I still had the thought that there was a possibility of a part-time, or possibly full-time, position somewhere out there for me, even as a woman in my 60s. Thinking of a college town where I could take advantage of the interesting programs offered for retirees made that focus even more appealing. It just didn’t make sense to me to look at an area for the sole reason of affordability without some family nearby and without the hope of improved quality of life. I was seeking a balance of affordability, quality of life and close enough to some family members.
I decided to visit Delaware and see a number of condos I had researched. After a few day-trips back and forth I made the decision to go ahead with a very cute condo. It was a true learning experience as I had to research everything about buying a condo and had no one I could ask to take the time to walk me through it. The process proceeded all the way through to the point where I had put down a deposit of $1,000 and was getting ready to close the deal.
Then I woke up in the middle of the night and had a major panic attack for the first time in my life. What was I doing? I was sinking every bit of savings into this condo while I still had lots of doubts about it! The next morning, I phoned my brother in tears and told him my fears. He advised me to get out of the deal even if I lost the down payment. I phoned the agent and told her I needed to back out. She was not happy and told me she wasn’t sure if I’d be able to get my deposit back. I told her I didn’t care. I wanted out of the deal. Luckily the young couple selling the condo understood and let me out of the deal without any problem.
From there it appeared that I would need to go even further south to get something in my price range. I had family living in the Central Virginia area who loved it there. My next adventure was an overnight trip to the area. The more I explored, the more I felt the area had promise and was what I was looking for. The realtor took me to see some affordable condos for sale but nothing appealed to me. There were a lot of apartment complexes that were being renovated into condos in order to take advantage of the booming market. Something told me to follow my gut and instead of returning back without some kind of commitment to housing, I made an appointment to see two fairly decent apartment complexes with the thought of renting instead of buying. At the first place, I didn’t get approved based on my income. The other became my home.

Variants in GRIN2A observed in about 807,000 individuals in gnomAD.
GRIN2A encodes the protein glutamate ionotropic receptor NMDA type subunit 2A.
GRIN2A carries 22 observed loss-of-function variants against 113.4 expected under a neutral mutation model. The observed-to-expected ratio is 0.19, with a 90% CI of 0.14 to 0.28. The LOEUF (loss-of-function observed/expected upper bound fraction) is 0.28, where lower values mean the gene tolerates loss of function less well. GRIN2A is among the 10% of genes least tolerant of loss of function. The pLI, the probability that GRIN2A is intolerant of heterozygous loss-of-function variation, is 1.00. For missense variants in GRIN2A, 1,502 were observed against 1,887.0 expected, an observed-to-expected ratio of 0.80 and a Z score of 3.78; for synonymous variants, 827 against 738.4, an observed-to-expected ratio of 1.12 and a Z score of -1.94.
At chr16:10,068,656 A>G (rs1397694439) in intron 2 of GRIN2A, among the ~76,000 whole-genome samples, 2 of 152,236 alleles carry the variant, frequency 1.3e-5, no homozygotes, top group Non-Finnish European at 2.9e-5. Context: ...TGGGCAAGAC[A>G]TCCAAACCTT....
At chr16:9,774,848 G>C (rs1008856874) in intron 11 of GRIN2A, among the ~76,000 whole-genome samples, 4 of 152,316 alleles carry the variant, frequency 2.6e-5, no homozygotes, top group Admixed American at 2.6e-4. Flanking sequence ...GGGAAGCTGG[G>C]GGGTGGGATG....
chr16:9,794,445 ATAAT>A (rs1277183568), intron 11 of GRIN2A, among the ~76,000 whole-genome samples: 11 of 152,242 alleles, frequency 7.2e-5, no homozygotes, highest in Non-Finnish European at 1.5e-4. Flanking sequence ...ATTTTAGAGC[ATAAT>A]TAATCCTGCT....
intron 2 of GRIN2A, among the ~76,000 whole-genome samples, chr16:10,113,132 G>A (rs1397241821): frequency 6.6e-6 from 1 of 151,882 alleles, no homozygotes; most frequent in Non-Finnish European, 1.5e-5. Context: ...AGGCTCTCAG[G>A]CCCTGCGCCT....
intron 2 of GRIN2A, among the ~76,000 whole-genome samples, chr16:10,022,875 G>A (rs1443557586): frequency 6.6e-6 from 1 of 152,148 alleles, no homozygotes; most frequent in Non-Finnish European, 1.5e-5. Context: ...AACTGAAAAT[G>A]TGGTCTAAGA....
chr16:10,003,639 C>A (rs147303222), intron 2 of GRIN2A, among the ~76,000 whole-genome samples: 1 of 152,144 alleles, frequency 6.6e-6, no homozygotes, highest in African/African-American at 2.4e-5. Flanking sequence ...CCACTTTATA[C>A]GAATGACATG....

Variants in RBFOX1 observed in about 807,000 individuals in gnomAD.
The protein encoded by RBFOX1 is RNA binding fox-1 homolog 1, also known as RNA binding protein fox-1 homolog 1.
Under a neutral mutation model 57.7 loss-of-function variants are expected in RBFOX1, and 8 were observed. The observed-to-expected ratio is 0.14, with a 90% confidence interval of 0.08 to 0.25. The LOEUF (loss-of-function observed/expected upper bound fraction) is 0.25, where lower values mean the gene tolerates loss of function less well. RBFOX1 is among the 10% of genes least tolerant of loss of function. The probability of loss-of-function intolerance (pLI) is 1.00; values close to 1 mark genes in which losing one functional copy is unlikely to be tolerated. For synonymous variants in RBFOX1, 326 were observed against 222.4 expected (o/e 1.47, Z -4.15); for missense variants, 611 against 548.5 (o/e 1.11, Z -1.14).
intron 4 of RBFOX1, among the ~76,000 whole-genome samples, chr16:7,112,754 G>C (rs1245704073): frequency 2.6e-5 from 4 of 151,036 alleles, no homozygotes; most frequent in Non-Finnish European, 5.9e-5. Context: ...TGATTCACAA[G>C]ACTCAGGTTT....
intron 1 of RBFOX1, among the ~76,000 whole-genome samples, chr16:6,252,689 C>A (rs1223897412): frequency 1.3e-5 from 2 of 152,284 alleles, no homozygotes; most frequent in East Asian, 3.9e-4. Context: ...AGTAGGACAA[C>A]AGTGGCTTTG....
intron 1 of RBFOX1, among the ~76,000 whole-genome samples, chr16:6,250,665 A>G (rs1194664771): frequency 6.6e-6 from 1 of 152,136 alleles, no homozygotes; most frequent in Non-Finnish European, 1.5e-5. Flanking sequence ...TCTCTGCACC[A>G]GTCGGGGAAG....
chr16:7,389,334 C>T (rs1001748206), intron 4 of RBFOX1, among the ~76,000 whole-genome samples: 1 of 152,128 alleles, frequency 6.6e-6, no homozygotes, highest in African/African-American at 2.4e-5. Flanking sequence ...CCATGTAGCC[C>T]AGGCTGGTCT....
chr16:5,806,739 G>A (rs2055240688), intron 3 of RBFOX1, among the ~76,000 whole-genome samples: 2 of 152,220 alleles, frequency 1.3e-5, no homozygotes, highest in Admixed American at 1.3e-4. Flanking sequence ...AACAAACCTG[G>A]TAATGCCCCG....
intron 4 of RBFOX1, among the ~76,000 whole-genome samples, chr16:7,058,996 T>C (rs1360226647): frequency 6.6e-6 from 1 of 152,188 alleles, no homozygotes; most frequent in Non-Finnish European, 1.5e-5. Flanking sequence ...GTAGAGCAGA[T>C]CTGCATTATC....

In 2007 the booming market began to decline and then fell rapidly. The value of homes decreased enough to cause many foreclosures and led to the 2007-2009 recession in the United States. Needless to say, I was relieved I hadn’t locked myself into that mortgage on the condo.
The area I settled into has a rich connection to the nation’s history and Virginia is the birthplace of eight of our first presidents. It turned out to be a very positive relocation for me and is recognized as one of the best places to retire. The outlying area is absolutely beautiful and provides activities that are inexpensive or free for those on a tight budget. The senior center offers a lot of connections to activities and education that might add to one’s well-being. There’s an attitude of welcome and supportive assistance that I find refreshing, that I didn’t find in the metropolitan area.
After a few interviews and not hearing back, I resigned myself to the fact that I was no longer employable in a fast-paced registrar’s office. Maintaining a positive attitude gets you so far when you’re a senior citizen in the competitive job market. So, I changed my way of viewing the inevitable and I began to see a less hectic and more fulfilling life becoming a possibility for me in this new area.
It all turned out for the best when I was hired as a part-time sales associate at the Monticello Museum Shop. Monticello, the home of Thomas Jefferson, was a place that gave me an inside edge on learning all about the area while meeting a great group of friends. It was so exciting to be a part of the team at Monticello. We got to meet visitors from all over the world. Most memorable for me, personally, was the Naturalization Ceremony when people from all over the world come to take the oath of citizenship of the United States of America. President George W. Bush gave the speech on July 4th, 2008 which was his last Independence Day as president and shouts from protesters against his policies on Iraq and terrorism were heard from the audience. The president responded to them by saying we believe in free speech in the United States of America.
I was working in the gift shop when First Lady Michelle Obama, Malia and Sasha, and Michelle’s mother visited the grounds. We were all very impressed with her visit especially when they came into the gift shop to buy a few souvenirs.